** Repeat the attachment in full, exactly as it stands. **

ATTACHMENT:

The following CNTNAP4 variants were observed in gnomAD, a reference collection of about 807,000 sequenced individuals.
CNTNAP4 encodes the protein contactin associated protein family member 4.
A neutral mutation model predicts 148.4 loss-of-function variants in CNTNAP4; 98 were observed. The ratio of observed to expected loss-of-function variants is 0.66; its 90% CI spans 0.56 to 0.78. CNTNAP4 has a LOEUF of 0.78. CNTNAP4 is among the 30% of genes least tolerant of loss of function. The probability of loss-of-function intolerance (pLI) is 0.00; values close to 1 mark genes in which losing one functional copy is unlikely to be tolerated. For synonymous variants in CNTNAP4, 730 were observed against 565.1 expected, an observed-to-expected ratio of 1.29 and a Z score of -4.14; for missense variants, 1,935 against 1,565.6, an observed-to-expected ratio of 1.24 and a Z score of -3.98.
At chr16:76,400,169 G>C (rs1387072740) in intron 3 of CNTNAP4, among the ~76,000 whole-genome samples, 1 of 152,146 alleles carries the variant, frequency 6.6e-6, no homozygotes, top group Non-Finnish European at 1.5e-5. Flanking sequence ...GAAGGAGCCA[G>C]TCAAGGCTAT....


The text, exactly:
The following CNTNAP4 variants were observed in gnomAD, a reference collection of about 807,000 sequenced individuals.
CNTNAP4 encodes the protein contactin associated protein family member 4.
A neutral mutation model predicts 148.4 loss-of-function variants in CNTNAP4; 98 were observed. The ratio of observed to expected loss-of-function variants is 0.66; its 90% CI spans 0.56 to 0.78. CNTNAP4 has a LOEUF of 0.78. CNTNAP4 is among the 30% of genes least tolerant of loss of function. The probability of loss-of-function intolerance (pLI) is 0.00; values close to 1 mark genes in which losing one functional copy is unlikely to be tolerated. For synonymous variants in CNTNAP4, 730 were observed against 565.1 expected, an observed-to-expected ratio of 1.29 and a Z score of -4.14; for missense variants, 1,935 against 1,565.6, an observed-to-expected ratio of 1.24 and a Z score of -3.98.
At chr16:76,400,169 G>C (rs1387072740) in intron 3 of CNTNAP4, among the ~76,000 whole-genome samples, 1 of 152,146 alleles carries the variant, frequency 6.6e-6, no homozygotes, top group Non-Finnish European at 1.5e-5. Flanking sequence ...GAAGGAGCCA[G>C]TCAAGGCTAT....